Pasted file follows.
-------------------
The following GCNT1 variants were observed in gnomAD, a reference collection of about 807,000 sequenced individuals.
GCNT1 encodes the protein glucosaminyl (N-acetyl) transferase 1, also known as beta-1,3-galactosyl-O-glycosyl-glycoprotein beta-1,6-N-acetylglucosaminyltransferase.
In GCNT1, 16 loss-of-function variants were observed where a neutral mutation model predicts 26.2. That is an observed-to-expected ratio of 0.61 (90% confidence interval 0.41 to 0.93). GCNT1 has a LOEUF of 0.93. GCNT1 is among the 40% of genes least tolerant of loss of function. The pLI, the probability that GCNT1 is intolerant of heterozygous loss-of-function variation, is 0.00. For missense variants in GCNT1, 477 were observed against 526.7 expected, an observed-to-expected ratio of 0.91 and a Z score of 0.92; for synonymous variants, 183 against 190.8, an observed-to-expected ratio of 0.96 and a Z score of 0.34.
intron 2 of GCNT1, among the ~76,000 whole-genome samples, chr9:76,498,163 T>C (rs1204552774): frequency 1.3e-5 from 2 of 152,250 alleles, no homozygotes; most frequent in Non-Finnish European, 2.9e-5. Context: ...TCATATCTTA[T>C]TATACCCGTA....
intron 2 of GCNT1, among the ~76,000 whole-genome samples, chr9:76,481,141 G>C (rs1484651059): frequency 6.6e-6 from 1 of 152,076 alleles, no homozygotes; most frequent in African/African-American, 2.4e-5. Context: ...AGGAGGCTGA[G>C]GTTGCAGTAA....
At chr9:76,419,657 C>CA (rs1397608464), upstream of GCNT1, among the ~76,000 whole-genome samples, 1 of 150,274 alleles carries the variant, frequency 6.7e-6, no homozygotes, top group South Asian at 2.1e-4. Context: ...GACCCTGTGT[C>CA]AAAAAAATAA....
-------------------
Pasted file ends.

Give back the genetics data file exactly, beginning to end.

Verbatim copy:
The following GCNT1 variants were observed in gnomAD, a reference collection of about 807,000 sequenced individuals.
GCNT1 encodes the protein glucosaminyl (N-acetyl) transferase 1, also known as beta-1,3-galactosyl-O-glycosyl-glycoprotein beta-1,6-N-acetylglucosaminyltransferase.
In GCNT1, 16 loss-of-function variants were observed where a neutral mutation model predicts 26.2. That is an observed-to-expected ratio of 0.61 (90% confidence interval 0.41 to 0.93). GCNT1 has a LOEUF of 0.93. GCNT1 is among the 40% of genes least tolerant of loss of function. The pLI, the probability that GCNT1 is intolerant of heterozygous loss-of-function variation, is 0.00. For missense variants in GCNT1, 477 were observed against 526.7 expected, an observed-to-expected ratio of 0.91 and a Z score of 0.92; for synonymous variants, 183 against 190.8, an observed-to-expected ratio of 0.96 and a Z score of 0.34.
intron 2 of GCNT1, among the ~76,000 whole-genome samples, chr9:76,498,163 T>C (rs1204552774): frequency 1.3e-5 from 2 of 152,250 alleles, no homozygotes; most frequent in Non-Finnish European, 2.9e-5. Context: ...TCATATCTTA[T>C]TATACCCGTA....
intron 2 of GCNT1, among the ~76,000 whole-genome samples, chr9:76,481,141 G>C (rs1484651059): frequency 6.6e-6 from 1 of 152,076 alleles, no homozygotes; most frequent in African/African-American, 2.4e-5. Context: ...AGGAGGCTGA[G>C]GTTGCAGTAA....
At chr9:76,419,657 C>CA (rs1397608464), upstream of GCNT1, among the ~76,000 whole-genome samples, 1 of 150,274 alleles carries the variant, frequency 6.7e-6, no homozygotes, top group South Asian at 2.1e-4. Context: ...GACCCTGTGT[C>CA]AAAAAAATAA....